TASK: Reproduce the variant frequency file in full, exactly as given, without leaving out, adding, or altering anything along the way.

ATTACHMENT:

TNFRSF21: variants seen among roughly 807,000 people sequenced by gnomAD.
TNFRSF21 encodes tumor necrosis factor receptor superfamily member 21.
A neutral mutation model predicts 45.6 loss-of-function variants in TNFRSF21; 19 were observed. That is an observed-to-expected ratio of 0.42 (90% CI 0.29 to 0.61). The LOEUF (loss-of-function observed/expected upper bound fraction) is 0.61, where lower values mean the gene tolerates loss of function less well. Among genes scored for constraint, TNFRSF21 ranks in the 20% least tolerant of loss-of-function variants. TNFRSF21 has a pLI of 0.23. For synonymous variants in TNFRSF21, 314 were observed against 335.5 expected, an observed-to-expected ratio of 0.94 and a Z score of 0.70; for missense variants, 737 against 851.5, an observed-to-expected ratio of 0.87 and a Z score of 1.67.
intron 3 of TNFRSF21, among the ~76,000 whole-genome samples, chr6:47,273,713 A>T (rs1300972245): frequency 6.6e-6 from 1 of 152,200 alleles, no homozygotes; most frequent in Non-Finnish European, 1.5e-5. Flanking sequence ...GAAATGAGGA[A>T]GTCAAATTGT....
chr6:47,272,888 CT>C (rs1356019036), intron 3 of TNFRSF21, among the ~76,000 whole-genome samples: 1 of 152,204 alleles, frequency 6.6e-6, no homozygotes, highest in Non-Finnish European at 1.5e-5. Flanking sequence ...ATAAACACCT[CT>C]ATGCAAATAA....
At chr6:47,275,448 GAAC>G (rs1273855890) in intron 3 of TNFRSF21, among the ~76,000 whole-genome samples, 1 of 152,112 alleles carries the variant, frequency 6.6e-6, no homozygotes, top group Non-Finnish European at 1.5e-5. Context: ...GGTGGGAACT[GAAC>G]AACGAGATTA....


TNFRSF21: variants seen among roughly 807,000 people sequenced by gnomAD.
TNFRSF21 encodes tumor necrosis factor receptor superfamily member 21.
A neutral mutation model predicts 45.6 loss-of-function variants in TNFRSF21; 19 were observed. That is an observed-to-expected ratio of 0.42 (90% CI 0.29 to 0.61). The LOEUF (loss-of-function observed/expected upper bound fraction) is 0.61, where lower values mean the gene tolerates loss of function less well. Among genes scored for constraint, TNFRSF21 ranks in the 20% least tolerant of loss-of-function variants. TNFRSF21 has a pLI of 0.23. For synonymous variants in TNFRSF21, 314 were observed against 335.5 expected, an observed-to-expected ratio of 0.94 and a Z score of 0.70; for missense variants, 737 against 851.5, an observed-to-expected ratio of 0.87 and a Z score of 1.67.
intron 3 of TNFRSF21, among the ~76,000 whole-genome samples, chr6:47,273,713 A>T (rs1300972245): frequency 6.6e-6 from 1 of 152,200 alleles, no homozygotes; most frequent in Non-Finnish European, 1.5e-5. Flanking sequence ...GAAATGAGGA[A>T]GTCAAATTGT....
chr6:47,272,888 CT>C (rs1356019036), intron 3 of TNFRSF21, among the ~76,000 whole-genome samples: 1 of 152,204 alleles, frequency 6.6e-6, no homozygotes, highest in Non-Finnish European at 1.5e-5. Flanking sequence ...ATAAACACCT[CT>C]ATGCAAATAA....
At chr6:47,275,448 GAAC>G (rs1273855890) in intron 3 of TNFRSF21, among the ~76,000 whole-genome samples, 1 of 152,112 alleles carries the variant, frequency 6.6e-6, no homozygotes, top group Non-Finnish European at 1.5e-5. Context: ...GGTGGGAACT[GAAC>G]AACGAGATTA....